Two of the students participating in Esports at Truman High School.
BY NIKKI MEYER
Truman High School (THS) is now home to an Esports league, part of a new trend sweeping the country. Twenty students have already signed up and begun practicing.
“We had a PLC (Professional Learning Community meeting on Wednesday afternoons) and one question was How do we get kids interested in doing well in school?” Inspired by the changes happening at the school, and by a recent trip with his son to the South Dakota School of Mines and Technology, THS teacher Jim Utermarck proposed an unlikely answer: Esports.
“The next day I brought [the idea] up to my first hour class—the 9th graders—and right away a couple of kids who have never been involved in anything were like Let’s do it Mr. U,” Utermarck said. By 3rd hour it seemed the whole high school knew about the idea, and loved it.
Esports involve multiplayer team competitions using video games. Yes, Esports in high school means groups of kids playing games on computers. Organized competitions have long been a part of the gaming community, with participants from all over the country and even the globe being able to compete with one another in the same forum at the same time, thanks to the internet. Fans even pack stadiums to watch games unfold live. Now, the activity is being organized into a league available to high school students. Utermarck sees this as a good thing.
In order for students to participate in Esports, they must meet all of the Minnesota State High School League requirements for eligibility. “I have a student in 7th grade who was floundering. We brought in Esports and he owed me 15 things and he had those things in within a week. [The students] are getting their work done so they can do Esports.” Utermarck stated. “I think the thing that has worked really well is that these aren’t always the kids who are in other sports.”
Utermarck also commented, “When you’re a coach you seem to have a different relationship with kids in school. So now I seem to have a different relationship with some of the kids who would never be out for football or basketball or baseball or golf, but they’re out for Esports. And I think they respect the fact that we’re trying to give them other opportunities.”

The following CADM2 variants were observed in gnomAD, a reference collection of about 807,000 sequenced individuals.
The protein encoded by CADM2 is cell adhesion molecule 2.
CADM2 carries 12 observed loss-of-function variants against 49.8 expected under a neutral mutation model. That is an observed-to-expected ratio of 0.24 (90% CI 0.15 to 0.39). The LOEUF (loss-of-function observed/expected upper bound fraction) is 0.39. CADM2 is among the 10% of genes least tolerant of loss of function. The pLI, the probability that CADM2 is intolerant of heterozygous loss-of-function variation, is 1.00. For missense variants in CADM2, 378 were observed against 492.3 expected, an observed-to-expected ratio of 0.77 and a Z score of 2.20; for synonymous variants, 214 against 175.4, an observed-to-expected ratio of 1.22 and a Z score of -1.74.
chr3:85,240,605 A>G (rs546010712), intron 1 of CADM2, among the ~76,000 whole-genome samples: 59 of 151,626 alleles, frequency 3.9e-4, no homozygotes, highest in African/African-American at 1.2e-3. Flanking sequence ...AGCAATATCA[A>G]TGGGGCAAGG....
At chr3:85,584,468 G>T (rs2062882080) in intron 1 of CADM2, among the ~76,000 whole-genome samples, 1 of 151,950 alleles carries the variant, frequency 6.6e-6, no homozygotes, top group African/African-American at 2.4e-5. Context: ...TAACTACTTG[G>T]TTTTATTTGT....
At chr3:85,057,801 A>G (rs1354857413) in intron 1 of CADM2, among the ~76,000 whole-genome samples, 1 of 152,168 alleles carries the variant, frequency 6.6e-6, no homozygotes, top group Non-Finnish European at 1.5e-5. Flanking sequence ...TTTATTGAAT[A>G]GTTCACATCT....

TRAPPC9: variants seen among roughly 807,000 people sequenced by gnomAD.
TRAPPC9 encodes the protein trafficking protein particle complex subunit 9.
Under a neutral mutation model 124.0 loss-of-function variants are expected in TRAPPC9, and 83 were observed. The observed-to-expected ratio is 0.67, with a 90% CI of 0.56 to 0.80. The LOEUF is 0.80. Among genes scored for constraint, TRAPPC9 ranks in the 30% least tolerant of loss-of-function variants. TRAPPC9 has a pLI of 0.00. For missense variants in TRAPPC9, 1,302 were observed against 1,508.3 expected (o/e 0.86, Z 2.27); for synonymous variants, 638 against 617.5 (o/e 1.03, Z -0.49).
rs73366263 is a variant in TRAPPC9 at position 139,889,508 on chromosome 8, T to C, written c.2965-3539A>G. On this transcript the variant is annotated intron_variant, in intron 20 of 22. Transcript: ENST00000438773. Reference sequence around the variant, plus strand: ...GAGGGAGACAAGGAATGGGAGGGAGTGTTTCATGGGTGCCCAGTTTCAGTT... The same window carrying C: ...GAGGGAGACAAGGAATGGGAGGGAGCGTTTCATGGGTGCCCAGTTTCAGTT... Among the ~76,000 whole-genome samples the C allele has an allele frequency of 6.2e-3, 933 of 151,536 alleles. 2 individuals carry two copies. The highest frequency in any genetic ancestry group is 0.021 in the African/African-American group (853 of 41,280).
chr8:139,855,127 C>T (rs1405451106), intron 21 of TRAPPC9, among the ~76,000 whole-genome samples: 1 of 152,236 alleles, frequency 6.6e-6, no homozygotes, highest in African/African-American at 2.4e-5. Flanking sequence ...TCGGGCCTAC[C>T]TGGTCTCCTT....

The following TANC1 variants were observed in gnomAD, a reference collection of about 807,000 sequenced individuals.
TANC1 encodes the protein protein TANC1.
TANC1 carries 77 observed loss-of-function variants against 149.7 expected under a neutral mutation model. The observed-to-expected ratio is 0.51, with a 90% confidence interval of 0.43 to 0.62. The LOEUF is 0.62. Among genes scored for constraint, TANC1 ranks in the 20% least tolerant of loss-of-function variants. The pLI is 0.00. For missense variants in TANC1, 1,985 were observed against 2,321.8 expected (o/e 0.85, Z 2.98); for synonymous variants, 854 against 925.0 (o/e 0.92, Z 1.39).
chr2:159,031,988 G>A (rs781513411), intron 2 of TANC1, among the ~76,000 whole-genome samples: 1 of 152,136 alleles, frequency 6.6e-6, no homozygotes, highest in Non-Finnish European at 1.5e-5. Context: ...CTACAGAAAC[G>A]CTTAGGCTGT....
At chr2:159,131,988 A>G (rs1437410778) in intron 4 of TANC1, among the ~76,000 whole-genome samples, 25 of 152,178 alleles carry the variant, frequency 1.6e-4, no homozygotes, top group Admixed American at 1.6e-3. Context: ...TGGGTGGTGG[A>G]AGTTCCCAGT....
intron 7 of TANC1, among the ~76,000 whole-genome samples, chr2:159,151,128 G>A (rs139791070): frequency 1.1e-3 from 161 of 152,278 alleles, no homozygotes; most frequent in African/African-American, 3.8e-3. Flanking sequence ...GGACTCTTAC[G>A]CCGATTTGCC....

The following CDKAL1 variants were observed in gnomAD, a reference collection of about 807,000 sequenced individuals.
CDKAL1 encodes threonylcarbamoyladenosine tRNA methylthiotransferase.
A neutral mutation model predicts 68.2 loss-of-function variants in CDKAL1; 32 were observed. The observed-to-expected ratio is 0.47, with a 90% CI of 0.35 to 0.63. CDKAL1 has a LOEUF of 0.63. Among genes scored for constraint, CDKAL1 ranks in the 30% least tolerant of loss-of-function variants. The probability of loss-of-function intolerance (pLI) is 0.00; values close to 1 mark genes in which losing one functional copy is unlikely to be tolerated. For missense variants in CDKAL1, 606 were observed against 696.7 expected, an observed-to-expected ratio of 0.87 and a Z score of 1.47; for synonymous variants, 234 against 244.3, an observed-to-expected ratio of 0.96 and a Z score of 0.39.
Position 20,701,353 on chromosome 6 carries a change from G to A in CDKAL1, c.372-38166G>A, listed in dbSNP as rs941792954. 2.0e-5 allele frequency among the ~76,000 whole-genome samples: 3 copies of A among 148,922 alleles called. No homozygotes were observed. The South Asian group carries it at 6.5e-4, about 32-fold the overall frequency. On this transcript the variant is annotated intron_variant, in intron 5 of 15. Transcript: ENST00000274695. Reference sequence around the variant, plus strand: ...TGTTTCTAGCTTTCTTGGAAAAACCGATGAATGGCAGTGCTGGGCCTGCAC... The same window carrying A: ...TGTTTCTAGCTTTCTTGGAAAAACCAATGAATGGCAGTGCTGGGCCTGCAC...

The current league at THS is informal. Utermarck said they will likely join the High School Esports League (HSEL) later this year, but first he wants to give the kids a chance to practice and figure out which teams will work well together and playing what games. Fortnite and League of Legends—two games that can be played for free—are the primary focus at this point.
Utermarck commented, “I remember back in the day going Well what are you ever going to do when all you do is sit home and play video games all day?” The world is changing, and now the answer to that question could be that you make upwards of $500,000 a month, like 27-year-old professional Esports player Richard “Ninja” Blevins. Nearly 12 million people follow Blevins online, and close to 60,000 watch each of his game streams live. Even some colleges are now offering large scholarships to gamers.
“The key is that they’re all working together. These games—they have to be six teammates. They learn strategy, they learn how to work together. It’s really cool,” said Utermarck.
While Utermarck owns up to having played Madden back in the 90’s, he is not a gamer today. “I will tell you that 27 years ago when I started teaching I never, ever, ever thought I would be teaching or coaching Esports. But times change.” Right now Utermarck opens the computer lab—or Esports lounge, as it’s been informally renamed by the students—before school, over the lunch hour, and after school, depending on the day. “They have to eat lunch first, though,” Utermarck laughed. “The first day they were there during the lunch hour after like five minutes. Now I don’t open it until 12:45 (15 minutes after lunch has started).”
Down the road Utermarck envisions all-day events and tournaments happening at the school. He also plans to put the students’ fees toward equipment as much as possible. He sees this as an opportunity, and one that he is thankful the administration supports. “It’s been phenomenal. Someone asked me What are you doing it for? It’s to give our kids in Truman as many opportunities as possible. Whatever I can do to give the kids an opportunity, I will.”
Esports at THS is open to all students in grades 7-12 who meet eligibility requirements.
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